Since the movie “Jaws,” the sight of a dorsal fin slicing through the water has become one of the most evocative images of fear known to man.
But sightings of sharks in the clear coastal waters around Cayman are not a reason to steer clear of the ocean, experts have said after two videos of different sharks were recorded close to shore over the holiday weekend.
A tourist captured a video of a small blacktip reef shark in shallow water just a few feet off Cemetery Beach in West Bay on Thursday.
On Monday, Stefan Baraud recorded a video of a 7-foot hammerhead shark near Starfish Point, a few hundred yards from shore.
Mr. Baraud said he was thrilled to see the shark.
“It is certainly not what I expected to see on a Monday boating off of Starfish Point. It was definitely an awesome sight and goes to show how amazing our marine environment is,” he said.
Others have reacted with fear to the videos, circulated widely on social media, with some saying they will stay out of the water.
But Department of Environment experts say there is no reason to be afraid. According to John Bothwell, senior research officer for the DOE, smaller sharks in particular are commonly foraging in shallow coastal waters around Cayman.
He said, “Cayman is fortunate to have several species of sharks in its waters, some of which like shallow water where they can either birth their pups or find small fish and shellfish to feed on.
“This is why people sometimes see sharks close to shore. Larger sharks tend to stay further offshore, but like other fish, sharks of almost any size can be seen in almost any depth of water, if you’re very lucky.”
He said sharks generally try to avoid people, which is why it was unusual for anyone to see them or film them close to shore.
“These sharks are not in shallow water looking for people, they’re looking for their normal food. In fact, they’re normally going to be scared off by people, which is why almost every shark video ends with the shark swimming away,” he said.
Ordinarily, sharks do not present any threat to humans. Neither the hammerhead nor blacktip reef shark have been blamed for any fatal attacks on people throughout history, according to the International Shark Attack File.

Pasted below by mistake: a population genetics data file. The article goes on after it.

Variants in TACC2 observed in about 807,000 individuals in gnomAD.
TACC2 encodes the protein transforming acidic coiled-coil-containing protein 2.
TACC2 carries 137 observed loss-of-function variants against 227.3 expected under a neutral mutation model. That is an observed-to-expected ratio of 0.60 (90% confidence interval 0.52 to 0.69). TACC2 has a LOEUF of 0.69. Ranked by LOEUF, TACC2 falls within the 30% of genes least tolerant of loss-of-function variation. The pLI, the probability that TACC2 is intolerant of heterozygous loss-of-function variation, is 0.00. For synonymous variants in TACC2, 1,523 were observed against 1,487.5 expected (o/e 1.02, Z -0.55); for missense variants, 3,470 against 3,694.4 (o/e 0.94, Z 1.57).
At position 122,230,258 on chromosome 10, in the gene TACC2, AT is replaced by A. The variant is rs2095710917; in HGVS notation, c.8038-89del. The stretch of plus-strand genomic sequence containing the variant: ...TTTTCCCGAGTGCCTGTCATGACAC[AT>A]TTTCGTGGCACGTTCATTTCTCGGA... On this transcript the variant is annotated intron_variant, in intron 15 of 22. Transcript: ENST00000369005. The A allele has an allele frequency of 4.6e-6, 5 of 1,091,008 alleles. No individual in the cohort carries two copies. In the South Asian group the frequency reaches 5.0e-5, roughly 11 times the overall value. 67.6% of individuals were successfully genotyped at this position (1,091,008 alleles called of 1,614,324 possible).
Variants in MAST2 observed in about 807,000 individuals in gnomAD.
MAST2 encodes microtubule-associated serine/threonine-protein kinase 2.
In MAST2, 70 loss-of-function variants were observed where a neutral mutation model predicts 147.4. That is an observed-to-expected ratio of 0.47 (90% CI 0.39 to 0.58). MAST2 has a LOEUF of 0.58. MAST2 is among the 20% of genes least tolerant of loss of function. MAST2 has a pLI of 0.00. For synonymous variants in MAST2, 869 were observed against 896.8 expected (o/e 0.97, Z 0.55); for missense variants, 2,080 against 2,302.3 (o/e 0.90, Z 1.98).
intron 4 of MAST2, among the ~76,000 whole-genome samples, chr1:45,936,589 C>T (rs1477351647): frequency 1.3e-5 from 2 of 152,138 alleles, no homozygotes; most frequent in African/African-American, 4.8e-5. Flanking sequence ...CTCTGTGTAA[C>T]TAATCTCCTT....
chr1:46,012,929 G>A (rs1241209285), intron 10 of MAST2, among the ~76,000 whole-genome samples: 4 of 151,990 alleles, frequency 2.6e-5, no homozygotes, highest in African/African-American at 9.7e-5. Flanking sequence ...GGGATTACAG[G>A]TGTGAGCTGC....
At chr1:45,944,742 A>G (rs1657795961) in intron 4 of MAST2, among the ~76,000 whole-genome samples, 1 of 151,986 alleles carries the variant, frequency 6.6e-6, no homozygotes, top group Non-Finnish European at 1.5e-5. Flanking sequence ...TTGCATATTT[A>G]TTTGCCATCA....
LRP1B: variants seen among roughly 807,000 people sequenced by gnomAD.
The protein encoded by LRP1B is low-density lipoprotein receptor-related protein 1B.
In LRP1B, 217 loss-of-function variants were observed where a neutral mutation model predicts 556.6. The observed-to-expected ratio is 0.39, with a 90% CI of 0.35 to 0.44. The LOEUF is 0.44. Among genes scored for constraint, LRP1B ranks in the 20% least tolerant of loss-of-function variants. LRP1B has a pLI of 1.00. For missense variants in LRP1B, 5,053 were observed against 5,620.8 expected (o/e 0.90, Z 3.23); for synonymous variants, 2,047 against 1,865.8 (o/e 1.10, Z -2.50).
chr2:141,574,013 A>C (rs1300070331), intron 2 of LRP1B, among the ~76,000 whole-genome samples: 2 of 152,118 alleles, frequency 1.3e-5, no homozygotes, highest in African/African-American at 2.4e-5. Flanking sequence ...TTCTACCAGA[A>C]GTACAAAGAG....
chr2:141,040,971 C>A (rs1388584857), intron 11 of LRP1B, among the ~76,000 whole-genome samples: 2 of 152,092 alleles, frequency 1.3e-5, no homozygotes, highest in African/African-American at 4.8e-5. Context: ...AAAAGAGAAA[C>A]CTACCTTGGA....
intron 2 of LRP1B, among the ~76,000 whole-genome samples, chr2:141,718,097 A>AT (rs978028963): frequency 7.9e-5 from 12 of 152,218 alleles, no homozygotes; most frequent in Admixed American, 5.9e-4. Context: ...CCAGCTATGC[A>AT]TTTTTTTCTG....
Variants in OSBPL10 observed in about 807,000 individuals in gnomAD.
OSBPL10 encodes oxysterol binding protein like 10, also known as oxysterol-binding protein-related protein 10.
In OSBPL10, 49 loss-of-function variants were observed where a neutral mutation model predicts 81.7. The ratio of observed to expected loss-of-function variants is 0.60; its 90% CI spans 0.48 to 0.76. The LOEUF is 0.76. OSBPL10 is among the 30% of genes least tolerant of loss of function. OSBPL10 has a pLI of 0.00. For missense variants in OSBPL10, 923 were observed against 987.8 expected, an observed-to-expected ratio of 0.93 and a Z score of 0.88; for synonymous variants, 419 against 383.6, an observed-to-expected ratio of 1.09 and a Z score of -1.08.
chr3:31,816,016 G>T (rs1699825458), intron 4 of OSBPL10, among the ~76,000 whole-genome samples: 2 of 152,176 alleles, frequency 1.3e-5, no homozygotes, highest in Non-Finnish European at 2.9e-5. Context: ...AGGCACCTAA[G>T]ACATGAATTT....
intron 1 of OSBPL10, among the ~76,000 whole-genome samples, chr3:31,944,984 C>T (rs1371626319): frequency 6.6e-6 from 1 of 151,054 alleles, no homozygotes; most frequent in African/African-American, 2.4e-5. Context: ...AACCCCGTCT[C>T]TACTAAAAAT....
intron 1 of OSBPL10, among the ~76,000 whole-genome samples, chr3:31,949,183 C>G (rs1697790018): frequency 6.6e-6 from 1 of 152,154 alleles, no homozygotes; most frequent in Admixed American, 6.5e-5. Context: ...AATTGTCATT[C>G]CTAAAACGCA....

The DoE does not track “fish attacks” but according to Mr. Bothwell, most such attacks have involved animals attracted to dead fish, such as lionfish speared by cullers.
Ellen Cuylaerts, a photographer and scuba diver who has spent many hours in Cayman’s waters photographing sharks, said people should be respectful but not fearful when they encounter big marine animals.
“Sharks don’t eat people,” she said. “We’re not on the menu, and we’re really blessed in Cayman with great visibility, so sharks don’t mistake us for big fish.” She said humans represent a far greater threat to sharks than they do to us.
“Sharks have been here longer than us, and the last decennia we are destroying the balance. We have to learn to respect them and use the same waters. We have to learn about their behavior…When in the water, take goggles or a mask to enjoy fish life and if you see a shark, you’re lucky,” she said.
Mr. Bothwell said sharks are a vital “top level predator” that help keep populations of other animals in balance, vital to a healthy reef ecosystem. They are also worth tens of millions of dollars to the island’s tourism product, according to research commissioned by the DoE.
“Divers like to see sharks and will pay more to come to destinations with healthy shark populations,” he said. “If Cayman is successful in protecting our sharks and their numbers increase, their value in tourism would also increase.
“So the next time someone sees a shark by the beach, do what people have done recently: Take a picture and be happy that you’ve seen one of Cayman’s most charismatic marine animals up close. But you don’t have to be afraid of it. Respectful yes, but not afraid.”